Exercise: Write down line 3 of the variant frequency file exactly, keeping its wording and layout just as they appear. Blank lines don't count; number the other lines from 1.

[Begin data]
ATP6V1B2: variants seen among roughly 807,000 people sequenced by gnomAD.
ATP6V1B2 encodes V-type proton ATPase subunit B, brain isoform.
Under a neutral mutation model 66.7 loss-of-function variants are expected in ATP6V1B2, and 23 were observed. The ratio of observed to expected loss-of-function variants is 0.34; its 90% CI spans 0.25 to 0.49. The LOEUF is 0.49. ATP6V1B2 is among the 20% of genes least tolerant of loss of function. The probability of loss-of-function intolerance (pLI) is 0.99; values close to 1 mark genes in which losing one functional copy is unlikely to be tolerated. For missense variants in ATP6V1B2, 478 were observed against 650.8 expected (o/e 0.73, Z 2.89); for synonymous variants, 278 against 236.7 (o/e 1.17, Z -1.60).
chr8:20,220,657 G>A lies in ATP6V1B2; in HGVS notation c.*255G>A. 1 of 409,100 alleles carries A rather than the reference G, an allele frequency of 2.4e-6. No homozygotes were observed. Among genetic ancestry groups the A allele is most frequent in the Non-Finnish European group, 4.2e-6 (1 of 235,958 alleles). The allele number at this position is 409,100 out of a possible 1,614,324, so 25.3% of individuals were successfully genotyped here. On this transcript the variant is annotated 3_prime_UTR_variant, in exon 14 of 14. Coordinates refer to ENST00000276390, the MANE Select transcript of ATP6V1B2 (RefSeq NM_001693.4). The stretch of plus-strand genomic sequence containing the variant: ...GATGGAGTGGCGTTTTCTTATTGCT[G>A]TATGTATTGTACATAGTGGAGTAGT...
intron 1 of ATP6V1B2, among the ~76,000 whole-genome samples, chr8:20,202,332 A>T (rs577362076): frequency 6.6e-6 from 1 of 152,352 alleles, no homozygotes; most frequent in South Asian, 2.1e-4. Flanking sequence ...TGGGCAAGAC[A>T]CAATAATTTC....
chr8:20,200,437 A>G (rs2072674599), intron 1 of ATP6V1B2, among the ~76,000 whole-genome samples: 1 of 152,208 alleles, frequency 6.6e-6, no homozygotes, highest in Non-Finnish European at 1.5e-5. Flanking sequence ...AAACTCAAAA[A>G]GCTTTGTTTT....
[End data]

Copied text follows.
Under a neutral mutation model 66.7 loss-of-function variants are expected in ATP6V1B2, and 23 were observed. The ratio of observed to expected loss-of-function variants is 0.34; its 90% CI spans 0.25 to 0.49. The LOEUF is 0.49. ATP6V1B2 is among the 20% of genes least tolerant of loss of function. The probability of loss-of-function intolerance (pLI) is 0.99; values close to 1 mark genes in which losing one functional copy is unlikely to be tolerated. For missense variants in ATP6V1B2, 478 were observed against 650.8 expected (o/e 0.73, Z 2.89); for synonymous variants, 278 against 236.7 (o/e 1.17, Z -1.60).